The Shaw Sisters
Nicolas Shaw Fraser and Eleanor Shaw Smith were two sisters who lived at 22 Main Street, Geneseo, in the first half of the 20th century. Nicolas and Eleanor’s involvement and direct connections to the highest levels of the state, national, and international suffrage and temperance organizations were intertwined.
Their enthusiasm for the suffrage and temperance cause was inspired by their trailblazing aunt, Reverend Dr. Anna Howard Shaw, who took her nieces under her wing after their mother died.
Nicolas Shaw Fraser was born in Paris, Michigan about 1867, the daughter of John and Eudora Shaw. She worked for ten years as secretary to suffragist Mrs. Rachel Foster Avery and was a graduate of Briarcliff Agricultural School. It was here that she met her future husband, Samuel Fraser, who worked there as an agriculturalist. She and Samuel married in 1903 in Philadelphia with Rev. Anna Howard Shaw officiating at the wedding.
The Frasers lived in Ithaca for a short time where Samuel established the research farm at Cornell University and Nicolas was elected recording secretary of the New York State Suffrage Association. They moved to Geneseo about 1906 where Samuel began large-scale cultivation of vegetables and fruit orchards, authoring books on the same, and building his reputation as an expert horticulturalist.
Nicolas pursued her passion for suffrage with involvement in club work and as an officer of the state suffrage association. She also found time to work as a bookkeeper for Miss Ellen North’s Geneseo Jam Kitchen. The suffrage work occupied the bulk of Nicolas's time and energy as she crisscrossed Livingston County and New York State. In addition, she traveled coast to coast representing New York State and chairing committees at the National Women’s Suffrage conventions.
Eleanor Shaw Smith was only a year or so younger than her sister, and like Nicolas, Eleanor gravitated toward Philadelphia to be close to her aunt. She met Raymond Walton Smith, a civil engineer, and the two married in 1894. They had four children together before Raymond died tragically in 1905 as a result of being thrown from a horse. Eleanor’s public involvement in reform movements seemed to begin after becoming widowed and was centered more specifically on temperance, although she was also an active player in the suffrage movement, taking on multiple roles.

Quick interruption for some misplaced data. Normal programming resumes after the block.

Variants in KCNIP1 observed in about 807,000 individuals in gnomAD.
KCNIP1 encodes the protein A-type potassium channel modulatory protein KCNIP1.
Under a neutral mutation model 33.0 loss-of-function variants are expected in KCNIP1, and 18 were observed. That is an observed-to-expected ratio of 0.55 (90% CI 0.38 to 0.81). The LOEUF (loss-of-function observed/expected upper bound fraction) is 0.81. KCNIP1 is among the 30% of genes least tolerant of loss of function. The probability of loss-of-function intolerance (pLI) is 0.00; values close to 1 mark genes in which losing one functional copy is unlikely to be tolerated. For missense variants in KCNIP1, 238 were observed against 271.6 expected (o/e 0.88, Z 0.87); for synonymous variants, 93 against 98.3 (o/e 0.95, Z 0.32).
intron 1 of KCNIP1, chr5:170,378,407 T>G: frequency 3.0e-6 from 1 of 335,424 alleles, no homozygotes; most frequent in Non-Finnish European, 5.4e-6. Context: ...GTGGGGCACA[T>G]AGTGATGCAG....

In 1913, Eleanor embarked on a trans-Atlantic adventure that made headlines as U.S. suffrage leaders, along with delegates from 26 countries, traveled to Budapest for the International Woman Suffrage Alliance conference. Anna Howard Shaw gave the opening speech on the world stage and the ladies made several stops to address feminist groups in London, Amsterdam, Vienna, and Italy before sailing home.
Eleanor left her young children with her sister in Geneseo during her absence abroad, and upon returning home, made the decision to move to Geneseo and live with Nicolas and Samuel. The large, stately brick home accommodated both families for the rest of the sisters’ lives.
Eleanor led the Livingston County Woman’s Temperance Union (W.C.T.U.) as president and represented the state by working to pass yet another federal amendment to prohibit the manufacture, sale or distribution of intoxicating liquors, commonly known as Prohibition. Both the 18th and 19th amendments passed and both sisters rejoiced in victory.
Nicolas passed away at 22 Main Street in November of 1943 after a long illness. Eleanor stayed with her brother-in-law Samuel Fraser and continued serving as the Livingston County W.C.T.U. president into the early 1940s. She also died at 22 Main Street in May of 1948.